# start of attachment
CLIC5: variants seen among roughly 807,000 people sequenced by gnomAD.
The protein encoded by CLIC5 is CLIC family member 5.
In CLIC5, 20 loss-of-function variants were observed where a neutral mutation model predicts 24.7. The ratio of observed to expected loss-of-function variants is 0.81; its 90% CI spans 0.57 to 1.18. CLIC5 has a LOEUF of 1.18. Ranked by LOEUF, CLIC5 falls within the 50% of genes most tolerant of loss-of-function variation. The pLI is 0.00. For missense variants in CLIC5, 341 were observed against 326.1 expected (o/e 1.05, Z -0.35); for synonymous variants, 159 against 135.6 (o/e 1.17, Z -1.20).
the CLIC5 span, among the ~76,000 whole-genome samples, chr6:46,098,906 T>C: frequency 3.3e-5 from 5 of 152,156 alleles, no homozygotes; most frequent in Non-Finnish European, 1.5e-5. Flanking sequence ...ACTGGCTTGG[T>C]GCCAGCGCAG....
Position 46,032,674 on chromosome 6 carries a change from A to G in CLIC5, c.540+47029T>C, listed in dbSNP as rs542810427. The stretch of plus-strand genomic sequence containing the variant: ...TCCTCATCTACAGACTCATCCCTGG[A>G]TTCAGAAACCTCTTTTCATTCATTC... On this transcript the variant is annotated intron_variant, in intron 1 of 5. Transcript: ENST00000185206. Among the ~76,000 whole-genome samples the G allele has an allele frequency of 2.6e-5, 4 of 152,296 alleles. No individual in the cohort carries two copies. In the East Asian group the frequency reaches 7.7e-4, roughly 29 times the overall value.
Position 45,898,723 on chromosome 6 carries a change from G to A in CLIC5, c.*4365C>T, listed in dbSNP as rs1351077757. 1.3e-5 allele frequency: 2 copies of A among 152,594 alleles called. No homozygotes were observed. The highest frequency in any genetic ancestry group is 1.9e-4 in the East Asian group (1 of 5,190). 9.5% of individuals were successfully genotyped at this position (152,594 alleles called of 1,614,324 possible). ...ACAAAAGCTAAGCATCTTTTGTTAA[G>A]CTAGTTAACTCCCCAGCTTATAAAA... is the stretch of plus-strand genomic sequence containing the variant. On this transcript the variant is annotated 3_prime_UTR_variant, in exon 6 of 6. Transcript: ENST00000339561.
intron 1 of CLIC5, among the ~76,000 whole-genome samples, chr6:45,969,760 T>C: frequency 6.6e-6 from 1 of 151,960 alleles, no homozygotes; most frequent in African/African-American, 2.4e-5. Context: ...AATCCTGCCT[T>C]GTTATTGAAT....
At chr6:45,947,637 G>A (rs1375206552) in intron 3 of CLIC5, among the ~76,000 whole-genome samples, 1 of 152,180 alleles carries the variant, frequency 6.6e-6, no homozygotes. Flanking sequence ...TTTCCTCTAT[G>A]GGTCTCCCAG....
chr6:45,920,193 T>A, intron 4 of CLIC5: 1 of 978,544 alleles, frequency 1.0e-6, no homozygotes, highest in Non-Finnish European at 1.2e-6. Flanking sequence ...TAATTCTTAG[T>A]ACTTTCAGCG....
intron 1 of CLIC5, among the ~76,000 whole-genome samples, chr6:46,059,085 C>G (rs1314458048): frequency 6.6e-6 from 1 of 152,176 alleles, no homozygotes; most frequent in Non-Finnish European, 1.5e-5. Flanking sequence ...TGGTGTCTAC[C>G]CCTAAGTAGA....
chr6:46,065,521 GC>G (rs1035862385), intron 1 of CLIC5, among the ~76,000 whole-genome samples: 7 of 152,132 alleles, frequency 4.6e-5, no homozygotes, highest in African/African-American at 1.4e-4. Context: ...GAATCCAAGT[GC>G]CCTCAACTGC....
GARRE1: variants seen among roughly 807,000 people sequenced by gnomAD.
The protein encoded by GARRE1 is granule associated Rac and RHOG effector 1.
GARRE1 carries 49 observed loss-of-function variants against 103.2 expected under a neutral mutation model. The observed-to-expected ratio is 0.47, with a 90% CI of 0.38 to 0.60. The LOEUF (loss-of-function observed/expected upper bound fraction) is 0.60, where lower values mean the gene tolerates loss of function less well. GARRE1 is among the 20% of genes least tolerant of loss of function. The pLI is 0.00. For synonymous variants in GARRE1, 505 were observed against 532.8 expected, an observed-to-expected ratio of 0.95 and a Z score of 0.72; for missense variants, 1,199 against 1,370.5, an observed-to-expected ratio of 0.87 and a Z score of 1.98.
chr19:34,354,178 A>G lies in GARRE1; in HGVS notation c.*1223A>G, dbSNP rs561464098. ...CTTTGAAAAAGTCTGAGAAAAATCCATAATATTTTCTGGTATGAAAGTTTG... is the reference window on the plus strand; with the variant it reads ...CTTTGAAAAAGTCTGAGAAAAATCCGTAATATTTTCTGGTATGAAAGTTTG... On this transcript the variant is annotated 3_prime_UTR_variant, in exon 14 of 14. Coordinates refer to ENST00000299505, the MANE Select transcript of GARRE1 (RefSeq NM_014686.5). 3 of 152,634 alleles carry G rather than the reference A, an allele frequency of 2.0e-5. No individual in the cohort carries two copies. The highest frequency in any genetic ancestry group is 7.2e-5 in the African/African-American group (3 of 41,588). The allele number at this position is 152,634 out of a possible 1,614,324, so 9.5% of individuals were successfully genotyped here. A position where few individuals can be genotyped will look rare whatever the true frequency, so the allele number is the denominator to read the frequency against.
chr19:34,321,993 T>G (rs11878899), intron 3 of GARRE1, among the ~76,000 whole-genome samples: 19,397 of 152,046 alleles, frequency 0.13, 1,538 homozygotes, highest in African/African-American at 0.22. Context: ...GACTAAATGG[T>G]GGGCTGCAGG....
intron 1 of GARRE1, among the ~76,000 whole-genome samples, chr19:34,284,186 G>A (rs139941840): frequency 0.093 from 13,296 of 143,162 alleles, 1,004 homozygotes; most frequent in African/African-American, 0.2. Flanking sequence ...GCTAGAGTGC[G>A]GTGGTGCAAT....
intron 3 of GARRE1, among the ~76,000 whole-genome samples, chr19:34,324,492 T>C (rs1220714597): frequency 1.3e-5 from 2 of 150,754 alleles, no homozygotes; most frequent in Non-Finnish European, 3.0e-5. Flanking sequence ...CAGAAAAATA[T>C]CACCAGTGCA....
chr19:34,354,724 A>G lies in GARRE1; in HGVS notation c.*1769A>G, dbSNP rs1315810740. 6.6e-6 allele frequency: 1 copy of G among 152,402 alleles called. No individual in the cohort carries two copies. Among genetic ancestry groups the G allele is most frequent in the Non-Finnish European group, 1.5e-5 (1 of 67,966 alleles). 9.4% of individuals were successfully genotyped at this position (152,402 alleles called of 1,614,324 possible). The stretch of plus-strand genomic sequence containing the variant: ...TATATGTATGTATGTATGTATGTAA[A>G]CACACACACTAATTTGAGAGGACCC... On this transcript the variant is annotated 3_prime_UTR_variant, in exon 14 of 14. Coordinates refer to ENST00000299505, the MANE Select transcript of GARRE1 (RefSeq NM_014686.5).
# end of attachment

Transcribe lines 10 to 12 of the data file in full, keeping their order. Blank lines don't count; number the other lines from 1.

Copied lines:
intron 1 of CLIC5, among the ~76,000 whole-genome samples, chr6:46,059,085 C>G (rs1314458048): frequency 6.6e-6 from 1 of 152,176 alleles, no homozygotes; most frequent in Non-Finnish European, 1.5e-5. Flanking sequence ...TGGTGTCTAC[C>G]CCTAAGTAGA....
chr6:46,065,521 GC>G (rs1035862385), intron 1 of CLIC5, among the ~76,000 whole-genome samples: 7 of 152,132 alleles, frequency 4.6e-5, no homozygotes, highest in African/African-American at 1.4e-4. Context: ...GAATCCAAGT[GC>G]CCTCAACTGC....
GARRE1: variants seen among roughly 807,000 people sequenced by gnomAD.